Performing Feature Selection with DeepMol

The selection of the most relevant features can significantly improve the performance of a machine learning model. By removing irrelevant or redundant features, feature selection can reduce overfitting and improve the model’s ability to generalize to new data. Additionally, feature selection can reduce the computational burden of training a machine learning model by reducing the number of features that need to be processed.

DeepMol supports many types of feature selection provided by scikit-learn including Low Variance Feature Selection, KBest, Percentile, Recursive Feature Elimination and selecting features based on importance weights. Moreover, it provides the Boruta algorithm for feature selection.

In this tutorial, we will show how to perform feature selection with DeepMol.

Let’s load our dataset with already computed features (2048 features) and split the data

If you don’t know how to split the data in deepmol, please consult this section.

from deepmol.splitters import SingletaskStratifiedSplitter
from deepmol.loaders import CSVLoader

# Load data from CSV file
loader = CSVLoader(dataset_path='../data/example_data_with_features.csv',
                   features_fields=[f'feat_{i+1}' for i in range(2048)],
# create the dataset
csv_dataset = loader.create_dataset(sep=',', header=0)

# First, you should split your dataset before performing feature selection! 
splitter = SingletaskStratifiedSplitter()
train_dataset, valid_dataset, test_dataset = splitter.train_valid_test_split(csv_dataset, frac_train=0.8, frac_valid=0.1, frac_test=0.1)
2023-06-02 15:55:25,940 — INFO — Assuming classification since there are less than 10 unique y values. If otherwise, explicitly set the mode to 'regression'!
2023-06-02 15:55:25,940 — INFO — Mols_shape: (500,)
2023-06-02 15:55:25,941 — INFO — Features_shape: (500, 2048)
2023-06-02 15:55:25,941 — INFO — Labels_shape: (500,)


The low variance feature selection method is a technique used to select features in a dataset that have little or no variability across the data. This method is based on the assumption that features with low variance have little impact on the model’s predictive ability and can be safely removed.

To apply the low variance feature selection method, one first calculates the variance of each feature across the entire dataset. The features with variance below a certain threshold are then removed from the dataset, typically by setting a minimum variance threshold or using a percentile of variance. The threshold value is usually determined by trial and error or through cross-validation.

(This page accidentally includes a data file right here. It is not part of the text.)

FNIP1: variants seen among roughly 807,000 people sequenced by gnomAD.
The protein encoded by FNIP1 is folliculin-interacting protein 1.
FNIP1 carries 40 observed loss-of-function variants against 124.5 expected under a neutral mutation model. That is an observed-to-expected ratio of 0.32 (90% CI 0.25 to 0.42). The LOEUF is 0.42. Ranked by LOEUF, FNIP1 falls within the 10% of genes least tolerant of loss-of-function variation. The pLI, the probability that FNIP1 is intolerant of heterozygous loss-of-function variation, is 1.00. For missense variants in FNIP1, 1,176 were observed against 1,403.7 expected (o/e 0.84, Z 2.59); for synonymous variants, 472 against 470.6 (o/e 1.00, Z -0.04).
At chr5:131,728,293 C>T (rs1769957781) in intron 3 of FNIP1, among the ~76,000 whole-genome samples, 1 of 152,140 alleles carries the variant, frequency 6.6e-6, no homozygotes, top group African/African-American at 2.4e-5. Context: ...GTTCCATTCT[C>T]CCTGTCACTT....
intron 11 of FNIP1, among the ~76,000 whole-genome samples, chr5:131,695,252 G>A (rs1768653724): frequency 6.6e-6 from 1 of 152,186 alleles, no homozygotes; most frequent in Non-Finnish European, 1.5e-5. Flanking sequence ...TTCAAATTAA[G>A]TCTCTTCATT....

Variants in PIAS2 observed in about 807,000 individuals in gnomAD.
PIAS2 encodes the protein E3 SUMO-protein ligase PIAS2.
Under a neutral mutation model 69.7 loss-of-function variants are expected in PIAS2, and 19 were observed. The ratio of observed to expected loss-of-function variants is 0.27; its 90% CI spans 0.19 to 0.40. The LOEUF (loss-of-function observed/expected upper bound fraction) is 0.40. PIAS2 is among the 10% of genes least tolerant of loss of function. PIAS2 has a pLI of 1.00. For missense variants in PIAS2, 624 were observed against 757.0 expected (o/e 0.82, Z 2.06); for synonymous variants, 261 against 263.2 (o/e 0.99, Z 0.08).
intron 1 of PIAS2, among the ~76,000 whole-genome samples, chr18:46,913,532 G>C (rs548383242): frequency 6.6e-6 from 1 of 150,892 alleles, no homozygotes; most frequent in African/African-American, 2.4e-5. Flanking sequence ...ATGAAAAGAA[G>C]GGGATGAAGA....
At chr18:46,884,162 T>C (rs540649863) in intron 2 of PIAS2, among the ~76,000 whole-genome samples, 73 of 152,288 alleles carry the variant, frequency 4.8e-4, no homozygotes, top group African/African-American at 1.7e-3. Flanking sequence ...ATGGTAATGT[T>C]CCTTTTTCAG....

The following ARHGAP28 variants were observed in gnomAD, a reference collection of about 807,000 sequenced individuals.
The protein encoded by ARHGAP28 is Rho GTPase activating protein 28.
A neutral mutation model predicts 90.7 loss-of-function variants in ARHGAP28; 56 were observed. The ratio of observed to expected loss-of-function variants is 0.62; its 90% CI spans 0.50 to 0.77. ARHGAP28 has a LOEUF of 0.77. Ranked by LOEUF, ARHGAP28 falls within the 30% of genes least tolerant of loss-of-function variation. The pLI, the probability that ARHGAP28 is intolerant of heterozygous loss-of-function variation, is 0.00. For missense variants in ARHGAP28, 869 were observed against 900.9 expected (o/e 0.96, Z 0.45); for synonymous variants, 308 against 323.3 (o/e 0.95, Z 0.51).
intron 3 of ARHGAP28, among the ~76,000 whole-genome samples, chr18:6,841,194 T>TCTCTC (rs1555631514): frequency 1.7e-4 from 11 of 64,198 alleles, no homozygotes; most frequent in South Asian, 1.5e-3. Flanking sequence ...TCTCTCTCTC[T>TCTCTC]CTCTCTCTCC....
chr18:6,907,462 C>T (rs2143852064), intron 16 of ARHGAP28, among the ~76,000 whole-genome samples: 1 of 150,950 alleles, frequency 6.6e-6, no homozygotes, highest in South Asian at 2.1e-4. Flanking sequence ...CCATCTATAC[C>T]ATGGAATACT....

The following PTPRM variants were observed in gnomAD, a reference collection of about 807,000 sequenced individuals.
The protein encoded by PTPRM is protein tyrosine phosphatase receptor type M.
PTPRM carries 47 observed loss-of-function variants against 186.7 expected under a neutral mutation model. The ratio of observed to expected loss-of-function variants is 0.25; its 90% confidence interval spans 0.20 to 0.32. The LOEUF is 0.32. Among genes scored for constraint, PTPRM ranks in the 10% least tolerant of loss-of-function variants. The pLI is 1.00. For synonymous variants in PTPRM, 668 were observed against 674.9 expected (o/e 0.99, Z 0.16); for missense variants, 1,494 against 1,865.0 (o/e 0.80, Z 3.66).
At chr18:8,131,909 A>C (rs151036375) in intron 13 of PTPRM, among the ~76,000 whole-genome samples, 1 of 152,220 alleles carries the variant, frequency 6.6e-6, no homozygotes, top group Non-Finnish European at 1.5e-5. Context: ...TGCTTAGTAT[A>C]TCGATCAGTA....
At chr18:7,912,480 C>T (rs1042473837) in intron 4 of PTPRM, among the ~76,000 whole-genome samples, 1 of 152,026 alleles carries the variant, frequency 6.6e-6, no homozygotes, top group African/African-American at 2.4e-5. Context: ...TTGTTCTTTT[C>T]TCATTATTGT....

from copy import deepcopy
from deepmol.feature_selection import LowVarianceFS

# make a copy of our dataset
train_dataset_low_variance_fs = deepcopy(train_dataset)
test_dataset_low_variance_fs = deepcopy(test_dataset)

# instantiate our feature selector
fs = LowVarianceFS(threshold=0.15)
# perform feature selection
train_dataset_low_variance_fs = fs.fit_transform(train_dataset_low_variance_fs)
test_dataset_low_variance_fs = fs.transform(test_dataset_low_variance_fs)

2023-06-02 15:55:26,049 — INFO — Mols_shape: (400,)
2023-06-02 15:55:26,050 — INFO — Features_shape: (400, 47)
2023-06-02 15:55:26,050 — INFO — Labels_shape: (400,)
2023-06-02 15:55:26,051 — INFO — Mols_shape: (50,)
2023-06-02 15:55:26,051 — INFO — Features_shape: (50, 47)
2023-06-02 15:55:26,052 — INFO — Labels_shape: (50,)

((50,), (50, 47), (50,))


The K-best method is a feature selection algorithm in machine learning that selects the top K features with the highest predictive power from a given dataset. This algorithm works by scoring each feature and selecting the top K features based on their scores.

The score of each feature is determined using a statistical test, such as the chi-squared test, mutual information, or ANOVA F-test, depending on the nature of the dataset and the problem being solved. The algorithm computes a score for each feature, ranking them in descending order. It then selects the top K features with the highest scores and discards the rest.